Maybe he has really terrible b.o.

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That’s one of my working theories for the odd case of Jose Mijares.

Now, Mijares was pretty bad last year, finishing with a 4.59 ERA and a 30/30 K/BB ratio in 49 innings for the Twins. Still, between 2009-10, he had a 2.67 ERA and an 83/32 K/BB ratio in 94 innings. The Twins probably could have kept him for $700,000-$1 million as a first-time arbitration eligible player, but they non-tendered him and the Royals signed him as a free agent for $925,000.

And, in his limited role as a lefty specialist, Mijares was pretty great as a Royal. He had a 2.56 ERA and a 37/13 K/BB ratio in 38 2/3 innings for the season. He was charged with just one blown save versus 11 holds. Lefties were hitting .214 with just one homer and five walks in 84 at-bats against him.

Still, when Mijares was placed on waivers last week, no American League team bothered putting in a claim. He also made it through 10 National League teams before the Giants were awarded the claim.

And then the truly shocking event; the Royals simply let him go, getting only the waiver price return. It’s going to save them about $175,000 (Mijares had about $325,000 left on his contract; the minimum-salaried player replacing him on the roster will make about $175,000 the rest of the way). That’s nothing for a major league team.

Also, it’s not like they merely lost Mijares for the rest of this year; he was under team control through 2014. He’ll probably be due $1.25 million-$1.5 million in arbitration next year.

So, there’s one obvious answer here; Mijares was a real problem in the clubhouse. That was part of why the Royals dropped Yuniesky Betancourt on Sunday, and Mijares has long been viewed as something of a headcase. The Royals obviously didn’t think he’d be worth keeping around in 2013, so they figured they might as well let him go now.

An Astros executive asked scouts to use cameras, binoculars to steal signs in 2017

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The Athletic reports that an Astros executive asked scouts to spy on opponents’ dugouts in August of 2017, suggesting in an email that they use cameras or binoculars to do so.

The email, ESPN’s Jeff Passan reports, came from Kevin Goldstein, who is currently a special assistant for player personnel but who at the time was the director of pro scouting. In it he wrote:

“One thing in specific we are looking for is picking up signs coming out of the dugout. What we are looking for is how much we can see, how we would log things, if we need cameras/binoculars, etc. So go to game, see what you can (or can’t) do and report back your findings.”

The email came during the same month that the Red Sox were found to have illegally used an Apple Watch to steal signs from the Yankees. The Red Sox were fined as a result, and it led to a clarification from Major League Baseball that sign stealing via electronic or technological means was prohibited. Early in 2019 Major League Baseball further emphasized this rule and stated that teams would receive heavy penalties, including loss of draft picks and/or bonus pool money if they were found to be in violation.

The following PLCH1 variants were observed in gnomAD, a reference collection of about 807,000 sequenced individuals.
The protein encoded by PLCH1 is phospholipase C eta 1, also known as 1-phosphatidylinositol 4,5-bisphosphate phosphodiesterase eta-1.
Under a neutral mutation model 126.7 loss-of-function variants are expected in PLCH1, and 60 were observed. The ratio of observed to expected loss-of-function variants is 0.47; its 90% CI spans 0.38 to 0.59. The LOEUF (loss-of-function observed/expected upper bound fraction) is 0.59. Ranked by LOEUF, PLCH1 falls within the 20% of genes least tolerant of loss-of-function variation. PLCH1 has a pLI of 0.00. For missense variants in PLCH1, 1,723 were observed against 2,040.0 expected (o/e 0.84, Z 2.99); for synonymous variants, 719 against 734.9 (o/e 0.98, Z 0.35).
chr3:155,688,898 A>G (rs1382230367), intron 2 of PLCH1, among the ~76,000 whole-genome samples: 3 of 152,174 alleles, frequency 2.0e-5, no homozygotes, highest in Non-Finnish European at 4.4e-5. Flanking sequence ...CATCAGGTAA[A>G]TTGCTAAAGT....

It’s an interesting question whether Goldstein’s request to scouts would fall under the same category as the Apple Watch stuff or other technology-based sign-stealing schemes. On the one hand, the email certainly asked scouts to use cameras and binoculars to get a look at opposing signs. On the other hand, it does not appear that it was part of a sign-relaying scheme or that it was to be used in real time. Rather, it seems aimed at information gathering for later use. The Athletic suggests that using eyes or binoculars would be considered acceptable in 2017 but that cameras would not be. The Athletic spoke to scouts and other front office people who all think that asking scouts to use a camera would “be over the line” or would constitute “cheating.”

Of course, given how vague, until very recently Major League Baseball’s rules have been about this — it’s long been governed by the so-called “unwritten rules” and convention, only recently becoming a matter of official sanction — it’s not at all clear how the league might consider it. It’s certainly part and parcel of an overarching sign-stealing culture in baseball which we are learning has moved far, far past players simply looking on from second base to try to steal signs, which has always been considered a simple matter of gamesmanship. Now, it appears, it is organizationally-driven, with baseball operations, scouting and audio-visual people being involved. The view on all of this has changed given how sophisticated and wide-ranging an operation modern sign-stealing appears to be. Major League Baseball was particularly concerned, at the time the Red Sox were punished for the Apple Watch stuff, that it involved management and front office personnel.

Regardless of how that all fits together, Goldstein’s email generated considerable angst among Astros scouts, many of whom, The Athletic and ESPN report, commented in real time via email and the Astros scout’s Slack channel, that they considered it to be an unreasonable request that would risk their reputations as scouts. Some voiced concern to management. Today that email has new life, emerging as it does in the wake of last week’s revelations about the Astros’ sign-stealing schemes.

This is quickly becoming the biggest story of the offseason.